term is defined in 33 CFR.83.06 and the International Regulations for 
Preventing Collisions at Sea 1972 (see 33 U.S.C. 1602)), compliance 
with any and all applicable speed limitations, and a fixed direction to 
avoid coming into contact with a marine mammal.
    UAS (Unmanned aircraft system). Only vertical takeoff and landing 
aircraft are allowed for deterring marine mammals. Devices must be in 
good working order and operated consistent with the manufacturer's 
specifications. Users shall fly UASs no closer than 5 m from an animal. 
UAS altitude adjustments shall be made away from animals or conducted 
slowly when above animals. A UAS shall hover over a target marine 
mammal only long enough to deter the animal and should not come into 
direct contact with the animal. Users shall abide by applicable 
approach regulations for threatened and endangered marine mammals in 50 
CFR 223.214 and 224.103, and any other applicable approach regulations 
for marine mammals such as those at 50 CFR 216.19 and 15 CFR 922.184.

Physical Barrier Deterrents

    Containment booms, waterway barriers, and log booms. Any 
containment booms, waterway barriers, and log booms used to deter 
marine mammals must be constructed, installed, secured and maintained 
to reduce the risk of entanglement or entrapment. In-water lines should 
be kept stiff, taut, and non-looping. Booms/barriers should not block 
major egress and ingress points for marine mammals in channels, rivers, 
passes, and bays.
    Rigid fencing in air, horizontal bars/bull rails, and gates or 
closely spaced poles. Any fencing, rails, gates, and poles used to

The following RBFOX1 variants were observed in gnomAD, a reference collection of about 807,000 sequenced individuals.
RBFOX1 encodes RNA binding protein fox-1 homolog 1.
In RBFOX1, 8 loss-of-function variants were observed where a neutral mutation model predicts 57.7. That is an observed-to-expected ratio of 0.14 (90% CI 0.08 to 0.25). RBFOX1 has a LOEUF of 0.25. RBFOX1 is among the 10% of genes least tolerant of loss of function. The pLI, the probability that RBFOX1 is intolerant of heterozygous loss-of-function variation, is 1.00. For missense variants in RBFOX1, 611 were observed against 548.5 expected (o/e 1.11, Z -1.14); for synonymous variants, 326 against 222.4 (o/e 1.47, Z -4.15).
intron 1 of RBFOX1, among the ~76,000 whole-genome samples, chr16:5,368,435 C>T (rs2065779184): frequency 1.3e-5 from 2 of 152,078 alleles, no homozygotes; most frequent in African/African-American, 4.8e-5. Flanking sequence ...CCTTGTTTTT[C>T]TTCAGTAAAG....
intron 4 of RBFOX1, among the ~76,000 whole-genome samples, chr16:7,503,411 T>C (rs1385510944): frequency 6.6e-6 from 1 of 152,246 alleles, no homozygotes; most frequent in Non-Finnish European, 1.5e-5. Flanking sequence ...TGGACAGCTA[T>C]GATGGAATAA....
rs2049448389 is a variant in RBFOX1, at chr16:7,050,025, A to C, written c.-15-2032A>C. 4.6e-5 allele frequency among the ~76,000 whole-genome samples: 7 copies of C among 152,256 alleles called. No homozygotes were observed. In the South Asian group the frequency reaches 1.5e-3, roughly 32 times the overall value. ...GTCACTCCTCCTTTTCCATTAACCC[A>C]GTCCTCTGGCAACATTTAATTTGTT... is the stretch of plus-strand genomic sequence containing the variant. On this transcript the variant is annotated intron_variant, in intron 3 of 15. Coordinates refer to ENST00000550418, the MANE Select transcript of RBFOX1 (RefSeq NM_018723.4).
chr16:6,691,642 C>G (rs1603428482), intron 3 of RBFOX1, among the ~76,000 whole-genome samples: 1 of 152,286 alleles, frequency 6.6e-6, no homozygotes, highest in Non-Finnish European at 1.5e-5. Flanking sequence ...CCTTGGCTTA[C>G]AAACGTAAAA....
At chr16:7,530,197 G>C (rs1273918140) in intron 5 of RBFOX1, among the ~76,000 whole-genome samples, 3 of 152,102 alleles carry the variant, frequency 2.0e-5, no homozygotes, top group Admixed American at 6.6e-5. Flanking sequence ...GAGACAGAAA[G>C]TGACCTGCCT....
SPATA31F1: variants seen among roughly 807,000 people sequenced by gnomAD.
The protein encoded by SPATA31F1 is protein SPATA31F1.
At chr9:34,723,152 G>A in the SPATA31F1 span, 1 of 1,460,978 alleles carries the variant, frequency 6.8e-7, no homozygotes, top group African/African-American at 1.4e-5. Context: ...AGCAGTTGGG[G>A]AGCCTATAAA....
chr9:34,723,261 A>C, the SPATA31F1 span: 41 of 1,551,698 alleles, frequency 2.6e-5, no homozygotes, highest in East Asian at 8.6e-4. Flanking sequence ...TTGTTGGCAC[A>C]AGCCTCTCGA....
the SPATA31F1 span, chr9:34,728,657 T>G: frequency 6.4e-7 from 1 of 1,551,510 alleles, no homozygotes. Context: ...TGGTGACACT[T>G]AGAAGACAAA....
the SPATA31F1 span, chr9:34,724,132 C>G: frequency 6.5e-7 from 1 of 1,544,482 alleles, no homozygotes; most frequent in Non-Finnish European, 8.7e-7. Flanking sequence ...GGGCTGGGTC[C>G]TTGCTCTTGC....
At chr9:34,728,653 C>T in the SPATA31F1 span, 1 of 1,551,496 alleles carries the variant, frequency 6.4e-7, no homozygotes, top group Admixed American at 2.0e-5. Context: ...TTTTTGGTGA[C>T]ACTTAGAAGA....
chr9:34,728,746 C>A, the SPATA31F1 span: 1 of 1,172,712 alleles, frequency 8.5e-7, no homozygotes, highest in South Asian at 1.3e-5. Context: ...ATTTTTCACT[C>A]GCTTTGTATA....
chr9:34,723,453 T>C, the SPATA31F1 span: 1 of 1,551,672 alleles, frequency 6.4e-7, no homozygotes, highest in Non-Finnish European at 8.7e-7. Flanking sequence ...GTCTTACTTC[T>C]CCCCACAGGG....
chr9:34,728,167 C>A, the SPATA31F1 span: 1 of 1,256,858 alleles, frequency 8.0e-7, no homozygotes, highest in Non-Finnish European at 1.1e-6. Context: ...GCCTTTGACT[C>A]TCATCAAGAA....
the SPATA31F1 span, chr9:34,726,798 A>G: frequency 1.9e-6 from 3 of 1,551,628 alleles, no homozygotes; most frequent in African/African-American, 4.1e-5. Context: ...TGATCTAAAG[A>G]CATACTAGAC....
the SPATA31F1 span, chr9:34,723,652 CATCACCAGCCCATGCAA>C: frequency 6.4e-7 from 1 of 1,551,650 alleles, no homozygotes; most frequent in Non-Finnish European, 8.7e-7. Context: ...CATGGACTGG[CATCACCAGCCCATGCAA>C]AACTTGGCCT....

deter pinnipeds must be constructed, installed, and maintained in such 
a manner as to ensure spacing, height, and/or width would not result in 
entrapment or entanglement.

Tactical--Electrical Deterrents

    Electric fencing (in air). Electric fencing used to deter pinnipeds 
on land shall be no more than 3,000 V and properly maintained to ensure 
required voltage and reduce the risk of entanglement or entrapment.
    Electric mats. Electric mats used to deter pinnipeds shall not 
exceed 24 V nominal.

Tactile--Projectile Deterrents

    Foam projectiles with toy guns. When using foam projectiles with 
toy guns to deter marine mammals, the deterrent must strike the 
posterior end of an animal's body, taking care to avoid the animal's 
head and/or blowhole.
    Paintballs with paintball guns. When using paintballs to deter 
pinnipeds, only non-toxic and water-soluble paintballs may be deployed 
using paintball guns at a minimum of 14 m from a phocid and 3 m from an 
otariid, and the paintball must strike the posterior end of an animal's 
body, taking care to avoid the animal's head.
    Sponge grenades using handheld launcher. Sponge grenades used to 
deter pinnipeds must be deployed at a minimum distance of 14 m from a 
phocid and 10 m from an otariid and the sponge grenade must strike the 
posterior end of an animal's body, taking care to avoid the animal's 
head.
    Blunt objects with slingshot. When using blunt objects with a sling